The Environment Bureau base their whole waste management strategy on their misleading “Blueprint for Sustainable Use of Resources (May 2013). Specifically, the falsehoods include:
Untruth #1: Burn it: the only solution. Hong Kong must have an Incinerator says the EPD, to dispose of our Municipal Solid Waste (MSW). Not true. What’s needed is sustainable management of rubbish, by reducing waste and proper sorting and recycling.
Untruth #2: Half our waste is recycled. EPD claims 48% of Hong Kong’s waste is recycled. Not true. If we really recycled that much garbage, an incinerator would be redundant. EPD claims 44% of our total daily waste is food garbage. An organic waste treatment plant is already being built to handle that. If nearly half of our waste is recycled and nearly half again will be dealt with by the new plant – that leaves just 8% – 720 tonnes of the daily 9,000 tonnes produced – for an incinerator.
Untruth #3: An incinerator is “clean” state-of-the-art technology. Not true. However much waste is incinerated, around 30% remains in the incinerator grate as a highly toxic ash. This too has to be disposed of. This ash will have to be transported for processing or to landfill, imposing additional and unacceptable risk to Hong Kong’s already crowded waterways.
Untruth #4: No danger to public health. When planning to put their incinerator on reclaimed land off the pristine island of Shek Kwu Chau, the Bureau claimed that the prevailing wind came from the North. Not true. The Hong Kong Observatory notes that summer wind direction is mostly from the South. This means the incinerator’s poisonous emissions will blow across densely populated urban areas. The Bureau failed to mention this major hazard to human health.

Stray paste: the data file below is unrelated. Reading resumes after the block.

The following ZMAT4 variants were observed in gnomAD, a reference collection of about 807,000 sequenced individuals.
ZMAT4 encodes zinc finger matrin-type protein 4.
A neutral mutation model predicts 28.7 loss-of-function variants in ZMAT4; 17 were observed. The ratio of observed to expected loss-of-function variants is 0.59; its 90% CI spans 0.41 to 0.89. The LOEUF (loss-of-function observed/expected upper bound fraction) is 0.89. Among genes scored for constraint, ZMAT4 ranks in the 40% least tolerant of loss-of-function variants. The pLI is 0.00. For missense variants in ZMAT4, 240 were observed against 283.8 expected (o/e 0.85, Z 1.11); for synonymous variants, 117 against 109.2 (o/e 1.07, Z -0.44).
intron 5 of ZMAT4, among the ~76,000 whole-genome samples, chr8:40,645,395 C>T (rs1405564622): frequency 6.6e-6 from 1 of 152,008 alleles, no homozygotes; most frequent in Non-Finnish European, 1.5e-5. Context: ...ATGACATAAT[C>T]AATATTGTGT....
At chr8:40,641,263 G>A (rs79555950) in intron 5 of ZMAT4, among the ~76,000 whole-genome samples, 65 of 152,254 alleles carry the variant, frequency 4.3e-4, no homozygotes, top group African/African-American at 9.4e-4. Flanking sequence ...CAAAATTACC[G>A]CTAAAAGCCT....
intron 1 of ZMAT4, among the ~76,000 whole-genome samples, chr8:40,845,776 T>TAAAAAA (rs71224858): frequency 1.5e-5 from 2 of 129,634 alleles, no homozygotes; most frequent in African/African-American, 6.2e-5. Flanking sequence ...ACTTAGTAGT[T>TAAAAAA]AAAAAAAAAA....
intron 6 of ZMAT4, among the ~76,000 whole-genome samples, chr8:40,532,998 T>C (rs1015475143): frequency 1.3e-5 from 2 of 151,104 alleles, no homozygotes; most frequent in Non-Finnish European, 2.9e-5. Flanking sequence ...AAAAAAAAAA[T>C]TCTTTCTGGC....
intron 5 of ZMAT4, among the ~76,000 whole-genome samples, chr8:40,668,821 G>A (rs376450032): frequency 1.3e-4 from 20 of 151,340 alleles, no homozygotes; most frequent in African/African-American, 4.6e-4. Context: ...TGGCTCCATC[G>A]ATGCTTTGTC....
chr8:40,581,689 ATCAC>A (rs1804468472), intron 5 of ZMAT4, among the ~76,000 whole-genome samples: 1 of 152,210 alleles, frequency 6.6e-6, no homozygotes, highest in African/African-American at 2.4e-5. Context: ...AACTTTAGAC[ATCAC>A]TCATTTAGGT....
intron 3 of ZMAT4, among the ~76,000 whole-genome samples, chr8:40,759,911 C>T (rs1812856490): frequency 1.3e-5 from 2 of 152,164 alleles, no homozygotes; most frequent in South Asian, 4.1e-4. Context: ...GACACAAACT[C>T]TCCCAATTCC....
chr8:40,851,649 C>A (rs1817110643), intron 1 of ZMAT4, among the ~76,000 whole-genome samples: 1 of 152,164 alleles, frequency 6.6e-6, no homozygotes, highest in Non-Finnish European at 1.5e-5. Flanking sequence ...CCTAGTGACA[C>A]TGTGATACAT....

Untruth #5: No environmental damage. The Bureau claim their incinerator will not harm the local environment. Not true. The reality is that the environmental damage to the area off South Lantau and around Shek Kwu Chau and Cheung Chau waters will be substantial and irreversible.
Untruth #6: Shek Kwu Chau is the best location. Not true. Sites for the first Incinerator have not been properly evaluated. The EPD did not make a true and fair cost comparison between Shek Kwu Chau and other locations, and have repeatedly refused to show evidence of the relative costs. They rely on a spurious “beggar my neighbour” argument for “balanced spatial distribution” of waste facilities. Put simply: out of sight is out of mind.
Untruth #7: Act now or be buried by garbage. Not true. This is scaremongering and total rubbish. Action can be now, rather than delaying until 2022 when their incinerator will finally come online. They could start now with an intensive campaign to cut waste and encourage recycling with proper sorting at source. They could invest in the recycling industry to manage recoverable waste. But instead of constructive action, they use radio advertisements to promote landfill extensions and incineration.
Misleading data #1: Government recycling statistics include imported plastic waste, which is in fact then re-exported. It is totally wrong to include this with Hong Kong’s domestic “recycled” waste figures. This is simply a fib by the Bureau.
Misleading statistic #2: Most residents can already recycle rubbish. EPD says more than 80% of Hong Kong residents have recycling bins near their homes. This could be true, but many bins are poorly located and most too small for public need. The result is overflowing bins and rubbish on the streets. The truth: despite their claims to the contrary, the EPD have done virtually nothing in the last three years to promote a sustainable strategy for waste management. Even the simple solution of bigger bins in better locations or collecting recyclables from the existing bins seems beyond them.
Misleading statistic #3. The estimated cost of building the Organic Waste Treatment plant in North Lantau has ballooned from $500 million to $1.5 billion. The EPD and their advisors seriously miscalculated – and they got away with it scot free. Estimated cost of the Incinerator on reclaimed land off Shek kwu Chau is $18 billion, but sensible estimates put the real price closer to $30 billion. This is tax-payers’ money. Where is the financial integrity and accountability for this huge miscalculation?
Living Islands Movement proposes, in co-operation with the Integrated Waste Management Action Group, a viable alternative. Find details about this Plan B at www.wastehk.org/our-plan